The average price for an acre of land has fallen, south west hit hardest

While the price of land rose modestly in 2015, the latest figures from Sherry Fitzgerald show that the Irish agricultural land market has endured a more challenging opening six months of 2016.

Prices fell by a further 1% in the second quarter of the year, following a 0.5% dip in the first quarter. The average price of land has therefore fallen by 1.5% in the six month period to June.

The average value of agricultural land in Ireland stood at approximately €9,650 per acre at the end of June; this compares with €9,750 per acre in the same period last year.

The index has now been in a gentle decline for three consecutive quarters and reflects the ongoing difficulties facing the farming industry in Ireland at present.

That said, a dip in prices in the second quarter of the year has been a feature of the agri-land market over the past three years, perhaps reflecting the general nature of the market.

Regional breakdown

The South-West, South-East and Midlands regions were the largest contributors to the decline in all types of agri-land values in the quarter.

The average price of land in the South-West fell by 2.2% in the three months to June, bringing the fall in value in the year to date to a significant 3.5%.

Notably, price deflation in the South-West can be largely attributed to the Cork market, where agri-land prices appear to be particularly challenged.

That said, the South-West remains as one of the most expensive markets, where prime grassland stands at approximately €11,750 per acre, and prime arable land, €12,500 per acre.

The South-East and Midlands regions also recorded quarterly falls of 1.8% and 1% respectively.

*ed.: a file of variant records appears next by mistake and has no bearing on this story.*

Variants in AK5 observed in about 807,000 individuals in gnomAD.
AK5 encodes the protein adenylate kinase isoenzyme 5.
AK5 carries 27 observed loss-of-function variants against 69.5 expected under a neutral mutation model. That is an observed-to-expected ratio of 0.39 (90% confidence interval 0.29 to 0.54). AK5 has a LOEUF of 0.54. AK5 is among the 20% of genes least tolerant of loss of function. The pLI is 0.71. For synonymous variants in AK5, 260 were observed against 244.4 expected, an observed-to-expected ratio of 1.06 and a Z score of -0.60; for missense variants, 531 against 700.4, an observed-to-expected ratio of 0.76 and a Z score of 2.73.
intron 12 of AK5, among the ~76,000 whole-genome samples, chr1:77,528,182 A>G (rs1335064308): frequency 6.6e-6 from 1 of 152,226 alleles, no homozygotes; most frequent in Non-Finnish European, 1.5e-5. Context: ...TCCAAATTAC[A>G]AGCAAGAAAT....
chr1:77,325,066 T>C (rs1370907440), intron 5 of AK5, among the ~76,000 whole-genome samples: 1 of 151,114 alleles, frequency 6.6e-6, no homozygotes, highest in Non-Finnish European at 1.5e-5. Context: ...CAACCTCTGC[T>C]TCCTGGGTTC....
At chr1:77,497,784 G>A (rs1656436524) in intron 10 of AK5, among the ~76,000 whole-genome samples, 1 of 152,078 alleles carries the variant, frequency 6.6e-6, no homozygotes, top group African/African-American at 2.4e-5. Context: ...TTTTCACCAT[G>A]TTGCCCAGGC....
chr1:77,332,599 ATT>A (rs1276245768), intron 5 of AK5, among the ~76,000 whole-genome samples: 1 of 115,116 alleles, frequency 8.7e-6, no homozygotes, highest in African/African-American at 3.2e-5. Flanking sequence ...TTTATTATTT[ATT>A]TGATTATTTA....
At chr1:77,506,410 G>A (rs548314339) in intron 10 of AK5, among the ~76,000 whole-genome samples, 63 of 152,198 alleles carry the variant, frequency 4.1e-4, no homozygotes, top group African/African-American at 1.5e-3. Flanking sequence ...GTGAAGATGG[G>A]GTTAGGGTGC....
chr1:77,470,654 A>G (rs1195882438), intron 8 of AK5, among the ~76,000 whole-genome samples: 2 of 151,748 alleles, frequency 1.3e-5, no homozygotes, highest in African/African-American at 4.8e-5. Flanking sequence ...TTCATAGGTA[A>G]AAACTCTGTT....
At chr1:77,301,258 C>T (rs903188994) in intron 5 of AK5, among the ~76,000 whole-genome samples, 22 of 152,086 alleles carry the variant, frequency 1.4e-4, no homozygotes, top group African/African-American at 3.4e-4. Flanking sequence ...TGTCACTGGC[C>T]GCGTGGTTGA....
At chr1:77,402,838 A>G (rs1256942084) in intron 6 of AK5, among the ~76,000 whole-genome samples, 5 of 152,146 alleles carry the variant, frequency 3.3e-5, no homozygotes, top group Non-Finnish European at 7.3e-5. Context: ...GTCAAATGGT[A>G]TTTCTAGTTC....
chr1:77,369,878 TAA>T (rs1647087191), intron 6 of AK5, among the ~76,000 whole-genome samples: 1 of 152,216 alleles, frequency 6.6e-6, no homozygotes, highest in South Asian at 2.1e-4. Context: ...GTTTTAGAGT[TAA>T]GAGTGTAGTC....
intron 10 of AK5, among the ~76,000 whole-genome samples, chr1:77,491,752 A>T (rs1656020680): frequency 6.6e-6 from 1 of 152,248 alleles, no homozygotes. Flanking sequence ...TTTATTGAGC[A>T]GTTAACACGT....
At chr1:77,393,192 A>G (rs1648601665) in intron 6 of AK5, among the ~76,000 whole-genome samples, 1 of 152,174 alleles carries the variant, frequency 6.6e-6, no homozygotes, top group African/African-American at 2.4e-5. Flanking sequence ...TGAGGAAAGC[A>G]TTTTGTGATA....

Meanwhile, the Mid-East region was the only region to witness upward price movement in the quarter of 0.6%, this follows a 0.4% uplift in quarter one, bringing year to date growth to 1%.

The West and Dublin were the only regions to remain stable in the quarter and year to date.

All three of the main types of land are witnessing a downward trend. Prime grassland and prime arable land values both fell by 1.2% and 1.1% respectively in the quarter and by 1.8% and 1.6% in the year to date.

Once again, the South-West, South-East and Midlands contributed largely to this decline. For marginal grassland values, however, the falling trend is more modest; prices fell by 0.4% in the three months to June. However, this comes from a low base; the value of marginal land in Ireland remains at approximately €6,650 per acre.

‘Sentiment amongst farmers is poor’

Commenting on the South-West market, Michael O’Donovan Jnr, Sherry FitzGerald O’Donovan, Fermoy, said, his experience in the market to date in 2016 is that, while prime agricultural lots are still generating strong interest, market sentiment amongst farmers is poor due to current milk, beef and grain prices. I

“Interestingly, the land market is being driven by the fact that it is a tax efficient way to transfer money from parent to sibling. However, poor market prices for farm produce are having a negative impact on land values.”

O’Donovan also highlighted that the recent result of the British referendum, voting by a slim majority to leave the EU, has posed a threat to the Irish agricultural sector, given the scale of trade between Ireland and the UK.

“Approximately one-third of Ireland’s agri-food exports are UK-bound, therefore, trade barriers combined with a weaker sterling are likely to negatively impact trade. The brunt of this extra cost would be borne at farm level, and this in turn has the potential to have a further knock-on effect on land values,” he said.

Commenting on the market, Roseanne De Vere Hunt, Sherry FitzGerald said, “In an already uncertain market, Brexit has now created further insecurity. That said, Ireland’s trade relationship with the UK is two-sided; Ireland is also the UK’s largest food trade partner, so a mutually beneficial trade agreement would be the most desirable outcome of negotiations to come over the coming years.”